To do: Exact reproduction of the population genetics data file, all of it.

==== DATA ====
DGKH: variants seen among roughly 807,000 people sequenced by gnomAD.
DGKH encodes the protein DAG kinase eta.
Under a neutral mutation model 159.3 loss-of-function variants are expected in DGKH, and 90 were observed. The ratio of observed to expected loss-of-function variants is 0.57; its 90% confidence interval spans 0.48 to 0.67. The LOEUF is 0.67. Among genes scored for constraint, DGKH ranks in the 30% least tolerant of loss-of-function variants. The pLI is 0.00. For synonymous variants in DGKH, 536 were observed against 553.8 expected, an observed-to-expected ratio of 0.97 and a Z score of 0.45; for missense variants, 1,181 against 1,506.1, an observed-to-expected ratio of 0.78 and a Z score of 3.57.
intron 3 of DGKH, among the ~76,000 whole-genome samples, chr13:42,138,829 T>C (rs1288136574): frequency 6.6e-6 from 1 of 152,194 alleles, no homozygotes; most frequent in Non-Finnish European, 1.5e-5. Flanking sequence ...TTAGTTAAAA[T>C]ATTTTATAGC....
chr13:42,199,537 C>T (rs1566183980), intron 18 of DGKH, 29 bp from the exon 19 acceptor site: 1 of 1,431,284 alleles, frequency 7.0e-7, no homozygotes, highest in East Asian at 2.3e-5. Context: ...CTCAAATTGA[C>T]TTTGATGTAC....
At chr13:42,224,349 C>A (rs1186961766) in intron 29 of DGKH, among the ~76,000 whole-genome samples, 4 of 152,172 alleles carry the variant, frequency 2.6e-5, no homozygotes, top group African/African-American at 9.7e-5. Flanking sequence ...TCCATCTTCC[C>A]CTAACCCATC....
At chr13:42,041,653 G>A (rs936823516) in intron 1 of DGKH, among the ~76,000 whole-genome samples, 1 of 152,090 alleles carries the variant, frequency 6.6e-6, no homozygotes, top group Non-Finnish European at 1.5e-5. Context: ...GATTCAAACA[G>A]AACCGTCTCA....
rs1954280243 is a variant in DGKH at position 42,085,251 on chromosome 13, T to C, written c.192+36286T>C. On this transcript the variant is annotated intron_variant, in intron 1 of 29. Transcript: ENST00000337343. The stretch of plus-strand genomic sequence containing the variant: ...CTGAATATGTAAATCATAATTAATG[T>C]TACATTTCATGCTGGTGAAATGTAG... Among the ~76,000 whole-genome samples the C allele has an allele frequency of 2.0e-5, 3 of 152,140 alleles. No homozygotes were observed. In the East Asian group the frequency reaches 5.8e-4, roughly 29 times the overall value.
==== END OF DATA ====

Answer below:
DGKH: variants seen among roughly 807,000 people sequenced by gnomAD.
DGKH encodes the protein DAG kinase eta.
Under a neutral mutation model 159.3 loss-of-function variants are expected in DGKH, and 90 were observed. The ratio of observed to expected loss-of-function variants is 0.57; its 90% confidence interval spans 0.48 to 0.67. The LOEUF is 0.67. Among genes scored for constraint, DGKH ranks in the 30% least tolerant of loss-of-function variants. The pLI is 0.00. For synonymous variants in DGKH, 536 were observed against 553.8 expected, an observed-to-expected ratio of 0.97 and a Z score of 0.45; for missense variants, 1,181 against 1,506.1, an observed-to-expected ratio of 0.78 and a Z score of 3.57.
intron 3 of DGKH, among the ~76,000 whole-genome samples, chr13:42,138,829 T>C (rs1288136574): frequency 6.6e-6 from 1 of 152,194 alleles, no homozygotes; most frequent in Non-Finnish European, 1.5e-5. Flanking sequence ...TTAGTTAAAA[T>C]ATTTTATAGC....
chr13:42,199,537 C>T (rs1566183980), intron 18 of DGKH, 29 bp from the exon 19 acceptor site: 1 of 1,431,284 alleles, frequency 7.0e-7, no homozygotes, highest in East Asian at 2.3e-5. Context: ...CTCAAATTGA[C>T]TTTGATGTAC....
At chr13:42,224,349 C>A (rs1186961766) in intron 29 of DGKH, among the ~76,000 whole-genome samples, 4 of 152,172 alleles carry the variant, frequency 2.6e-5, no homozygotes, top group African/African-American at 9.7e-5. Flanking sequence ...TCCATCTTCC[C>A]CTAACCCATC....
At chr13:42,041,653 G>A (rs936823516) in intron 1 of DGKH, among the ~76,000 whole-genome samples, 1 of 152,090 alleles carries the variant, frequency 6.6e-6, no homozygotes, top group Non-Finnish European at 1.5e-5. Context: ...GATTCAAACA[G>A]AACCGTCTCA....
rs1954280243 is a variant in DGKH at position 42,085,251 on chromosome 13, T to C, written c.192+36286T>C. On this transcript the variant is annotated intron_variant, in intron 1 of 29. Transcript: ENST00000337343. The stretch of plus-strand genomic sequence containing the variant: ...CTGAATATGTAAATCATAATTAATG[T>C]TACATTTCATGCTGGTGAAATGTAG... Among the ~76,000 whole-genome samples the C allele has an allele frequency of 2.0e-5, 3 of 152,140 alleles. No homozygotes were observed. In the East Asian group the frequency reaches 5.8e-4, roughly 29 times the overall value.